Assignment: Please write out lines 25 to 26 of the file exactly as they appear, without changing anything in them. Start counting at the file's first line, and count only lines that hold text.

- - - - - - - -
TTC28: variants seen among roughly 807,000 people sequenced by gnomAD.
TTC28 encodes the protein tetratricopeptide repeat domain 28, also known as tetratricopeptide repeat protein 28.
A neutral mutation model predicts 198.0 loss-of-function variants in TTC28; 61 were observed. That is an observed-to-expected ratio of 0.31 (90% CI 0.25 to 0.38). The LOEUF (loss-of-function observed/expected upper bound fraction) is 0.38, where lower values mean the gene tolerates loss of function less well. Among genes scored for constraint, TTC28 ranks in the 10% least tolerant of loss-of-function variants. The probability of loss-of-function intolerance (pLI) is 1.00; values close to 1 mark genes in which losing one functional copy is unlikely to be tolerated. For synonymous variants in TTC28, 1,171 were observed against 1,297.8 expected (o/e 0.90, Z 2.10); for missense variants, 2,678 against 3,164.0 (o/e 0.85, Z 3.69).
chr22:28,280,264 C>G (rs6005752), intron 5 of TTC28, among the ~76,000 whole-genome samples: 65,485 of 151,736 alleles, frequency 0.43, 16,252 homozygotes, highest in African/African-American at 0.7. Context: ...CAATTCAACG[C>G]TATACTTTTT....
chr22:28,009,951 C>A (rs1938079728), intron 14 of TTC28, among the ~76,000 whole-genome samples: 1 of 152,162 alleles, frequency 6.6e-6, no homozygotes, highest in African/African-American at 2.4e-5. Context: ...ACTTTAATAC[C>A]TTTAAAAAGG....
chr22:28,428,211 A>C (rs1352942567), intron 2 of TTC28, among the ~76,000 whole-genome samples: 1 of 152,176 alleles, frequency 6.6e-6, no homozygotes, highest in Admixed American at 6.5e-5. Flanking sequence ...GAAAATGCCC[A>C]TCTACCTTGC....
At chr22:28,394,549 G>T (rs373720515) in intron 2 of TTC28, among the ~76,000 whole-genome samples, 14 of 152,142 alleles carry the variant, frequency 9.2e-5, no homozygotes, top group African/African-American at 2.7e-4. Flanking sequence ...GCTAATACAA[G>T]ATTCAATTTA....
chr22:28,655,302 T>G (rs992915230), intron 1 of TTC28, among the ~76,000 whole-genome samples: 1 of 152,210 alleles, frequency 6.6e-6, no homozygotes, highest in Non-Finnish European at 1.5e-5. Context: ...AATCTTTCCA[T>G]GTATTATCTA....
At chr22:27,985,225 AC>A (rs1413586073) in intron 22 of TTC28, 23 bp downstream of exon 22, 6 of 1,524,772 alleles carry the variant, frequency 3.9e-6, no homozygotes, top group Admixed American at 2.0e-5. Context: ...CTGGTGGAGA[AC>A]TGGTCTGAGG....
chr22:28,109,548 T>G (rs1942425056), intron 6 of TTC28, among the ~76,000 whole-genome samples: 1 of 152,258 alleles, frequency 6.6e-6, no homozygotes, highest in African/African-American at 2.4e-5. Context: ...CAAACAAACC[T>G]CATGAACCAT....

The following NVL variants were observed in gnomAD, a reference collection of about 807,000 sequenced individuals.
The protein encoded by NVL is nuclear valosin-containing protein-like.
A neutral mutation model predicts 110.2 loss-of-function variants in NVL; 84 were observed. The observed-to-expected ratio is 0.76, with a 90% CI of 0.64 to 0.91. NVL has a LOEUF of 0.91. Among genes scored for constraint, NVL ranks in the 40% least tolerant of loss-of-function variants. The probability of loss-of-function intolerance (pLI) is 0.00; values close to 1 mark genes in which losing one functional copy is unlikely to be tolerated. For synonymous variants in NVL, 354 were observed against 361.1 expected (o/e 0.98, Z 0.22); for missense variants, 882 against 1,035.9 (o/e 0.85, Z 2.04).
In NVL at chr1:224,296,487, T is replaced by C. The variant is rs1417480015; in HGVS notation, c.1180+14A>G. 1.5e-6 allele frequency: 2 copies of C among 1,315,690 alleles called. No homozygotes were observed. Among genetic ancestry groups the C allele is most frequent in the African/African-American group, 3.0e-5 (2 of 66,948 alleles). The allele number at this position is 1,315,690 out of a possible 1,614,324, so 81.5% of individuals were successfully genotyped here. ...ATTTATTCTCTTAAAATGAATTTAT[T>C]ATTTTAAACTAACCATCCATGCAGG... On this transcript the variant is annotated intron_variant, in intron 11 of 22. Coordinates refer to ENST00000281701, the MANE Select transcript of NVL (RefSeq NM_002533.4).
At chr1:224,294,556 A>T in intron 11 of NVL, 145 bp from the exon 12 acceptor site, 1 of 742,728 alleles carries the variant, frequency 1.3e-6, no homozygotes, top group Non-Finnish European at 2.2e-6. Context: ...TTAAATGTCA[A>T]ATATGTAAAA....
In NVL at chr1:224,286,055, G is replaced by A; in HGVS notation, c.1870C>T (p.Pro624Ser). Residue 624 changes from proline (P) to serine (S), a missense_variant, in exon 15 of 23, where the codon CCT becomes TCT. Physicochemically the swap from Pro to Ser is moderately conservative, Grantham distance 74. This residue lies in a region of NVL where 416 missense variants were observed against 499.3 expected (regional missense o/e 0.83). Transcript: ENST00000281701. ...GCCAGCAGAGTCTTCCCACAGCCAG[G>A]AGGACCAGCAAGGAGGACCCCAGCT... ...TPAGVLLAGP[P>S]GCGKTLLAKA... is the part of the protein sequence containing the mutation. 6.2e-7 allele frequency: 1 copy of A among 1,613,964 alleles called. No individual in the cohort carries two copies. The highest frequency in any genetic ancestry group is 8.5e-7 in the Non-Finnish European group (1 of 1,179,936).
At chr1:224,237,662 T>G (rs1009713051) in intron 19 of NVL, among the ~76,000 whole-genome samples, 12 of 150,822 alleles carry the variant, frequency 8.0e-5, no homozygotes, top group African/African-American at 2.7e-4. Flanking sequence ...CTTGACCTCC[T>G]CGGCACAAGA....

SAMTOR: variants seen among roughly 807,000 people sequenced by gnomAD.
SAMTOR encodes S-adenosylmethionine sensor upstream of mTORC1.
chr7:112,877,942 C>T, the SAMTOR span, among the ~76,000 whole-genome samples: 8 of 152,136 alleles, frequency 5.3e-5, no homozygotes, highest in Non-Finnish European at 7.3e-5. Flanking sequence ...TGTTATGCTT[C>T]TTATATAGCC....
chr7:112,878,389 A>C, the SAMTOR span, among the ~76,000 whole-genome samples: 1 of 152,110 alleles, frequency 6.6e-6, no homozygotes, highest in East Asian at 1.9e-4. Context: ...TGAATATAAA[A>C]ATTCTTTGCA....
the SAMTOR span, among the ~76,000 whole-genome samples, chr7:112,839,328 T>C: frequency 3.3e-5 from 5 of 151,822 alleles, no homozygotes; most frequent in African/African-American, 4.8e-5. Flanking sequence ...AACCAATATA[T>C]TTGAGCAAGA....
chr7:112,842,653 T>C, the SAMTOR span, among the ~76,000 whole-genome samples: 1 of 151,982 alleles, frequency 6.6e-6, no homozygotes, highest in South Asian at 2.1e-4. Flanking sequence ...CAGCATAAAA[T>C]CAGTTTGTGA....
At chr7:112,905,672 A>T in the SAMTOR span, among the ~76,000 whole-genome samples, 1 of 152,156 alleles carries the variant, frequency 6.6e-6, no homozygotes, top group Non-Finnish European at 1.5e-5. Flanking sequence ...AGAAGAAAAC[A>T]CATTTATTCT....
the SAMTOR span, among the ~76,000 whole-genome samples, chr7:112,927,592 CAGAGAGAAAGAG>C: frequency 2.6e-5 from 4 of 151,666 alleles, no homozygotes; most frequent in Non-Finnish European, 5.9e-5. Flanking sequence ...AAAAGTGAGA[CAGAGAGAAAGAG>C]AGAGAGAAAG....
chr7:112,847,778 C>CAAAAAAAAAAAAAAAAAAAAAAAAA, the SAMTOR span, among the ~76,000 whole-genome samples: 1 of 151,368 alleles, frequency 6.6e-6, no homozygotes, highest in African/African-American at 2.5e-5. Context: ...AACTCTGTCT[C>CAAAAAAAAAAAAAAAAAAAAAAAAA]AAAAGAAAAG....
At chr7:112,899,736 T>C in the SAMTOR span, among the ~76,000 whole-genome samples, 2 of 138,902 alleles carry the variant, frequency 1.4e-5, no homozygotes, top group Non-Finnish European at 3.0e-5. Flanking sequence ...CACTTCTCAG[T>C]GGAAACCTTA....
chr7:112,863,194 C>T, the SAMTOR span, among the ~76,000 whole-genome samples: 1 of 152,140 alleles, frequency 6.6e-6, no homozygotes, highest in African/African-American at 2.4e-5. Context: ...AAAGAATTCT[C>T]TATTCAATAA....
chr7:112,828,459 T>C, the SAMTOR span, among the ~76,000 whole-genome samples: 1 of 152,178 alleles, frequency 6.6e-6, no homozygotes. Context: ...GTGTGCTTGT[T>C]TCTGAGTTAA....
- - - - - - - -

the SAMTOR span, among the ~76,000 whole-genome samples, chr7:112,927,592 CAGAGAGAAAGAG>C: frequency 2.6e-5 from 4 of 151,666 alleles, no homozygotes; most frequent in Non-Finnish European, 5.9e-5. Flanking sequence ...AAAAGTGAGA[CAGAGAGAAAGAG>C]AGAGAGAAAG....
chr7:112,847,778 C>CAAAAAAAAAAAAAAAAAAAAAAAAA, the SAMTOR span, among the ~76,000 whole-genome samples: 1 of 151,368 alleles, frequency 6.6e-6, no homozygotes, highest in African/African-American at 2.5e-5. Context: ...AACTCTGTCT[C>CAAAAAAAAAAAAAAAAAAAAAAAAA]AAAAGAAAAG....